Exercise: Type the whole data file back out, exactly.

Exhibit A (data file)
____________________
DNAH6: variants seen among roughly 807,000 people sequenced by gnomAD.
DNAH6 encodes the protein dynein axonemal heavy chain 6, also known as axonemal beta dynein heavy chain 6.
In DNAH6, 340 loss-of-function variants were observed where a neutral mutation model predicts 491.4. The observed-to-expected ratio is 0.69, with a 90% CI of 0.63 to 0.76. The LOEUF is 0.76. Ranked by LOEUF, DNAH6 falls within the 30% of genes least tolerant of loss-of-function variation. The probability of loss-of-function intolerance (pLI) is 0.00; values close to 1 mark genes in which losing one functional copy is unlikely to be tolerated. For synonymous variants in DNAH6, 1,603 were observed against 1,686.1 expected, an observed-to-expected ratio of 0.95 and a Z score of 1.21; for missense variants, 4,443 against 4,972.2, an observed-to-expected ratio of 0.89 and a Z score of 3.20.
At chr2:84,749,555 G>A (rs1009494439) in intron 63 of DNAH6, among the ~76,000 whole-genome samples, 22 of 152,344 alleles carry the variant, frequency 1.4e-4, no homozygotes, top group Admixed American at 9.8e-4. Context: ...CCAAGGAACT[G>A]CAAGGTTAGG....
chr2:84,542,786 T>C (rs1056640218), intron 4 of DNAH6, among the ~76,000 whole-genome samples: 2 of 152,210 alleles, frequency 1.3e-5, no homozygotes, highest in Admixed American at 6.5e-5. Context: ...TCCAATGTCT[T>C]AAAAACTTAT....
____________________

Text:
DNAH6: variants seen among roughly 807,000 people sequenced by gnomAD.
DNAH6 encodes the protein dynein axonemal heavy chain 6, also known as axonemal beta dynein heavy chain 6.
In DNAH6, 340 loss-of-function variants were observed where a neutral mutation model predicts 491.4. The observed-to-expected ratio is 0.69, with a 90% CI of 0.63 to 0.76. The LOEUF is 0.76. Ranked by LOEUF, DNAH6 falls within the 30% of genes least tolerant of loss-of-function variation. The probability of loss-of-function intolerance (pLI) is 0.00; values close to 1 mark genes in which losing one functional copy is unlikely to be tolerated. For synonymous variants in DNAH6, 1,603 were observed against 1,686.1 expected, an observed-to-expected ratio of 0.95 and a Z score of 1.21; for missense variants, 4,443 against 4,972.2, an observed-to-expected ratio of 0.89 and a Z score of 3.20.
At chr2:84,749,555 G>A (rs1009494439) in intron 63 of DNAH6, among the ~76,000 whole-genome samples, 22 of 152,344 alleles carry the variant, frequency 1.4e-4, no homozygotes, top group Admixed American at 9.8e-4. Context: ...CCAAGGAACT[G>A]CAAGGTTAGG....
chr2:84,542,786 T>C (rs1056640218), intron 4 of DNAH6, among the ~76,000 whole-genome samples: 2 of 152,210 alleles, frequency 1.3e-5, no homozygotes, highest in Admixed American at 6.5e-5. Context: ...TCCAATGTCT[T>C]AAAAACTTAT....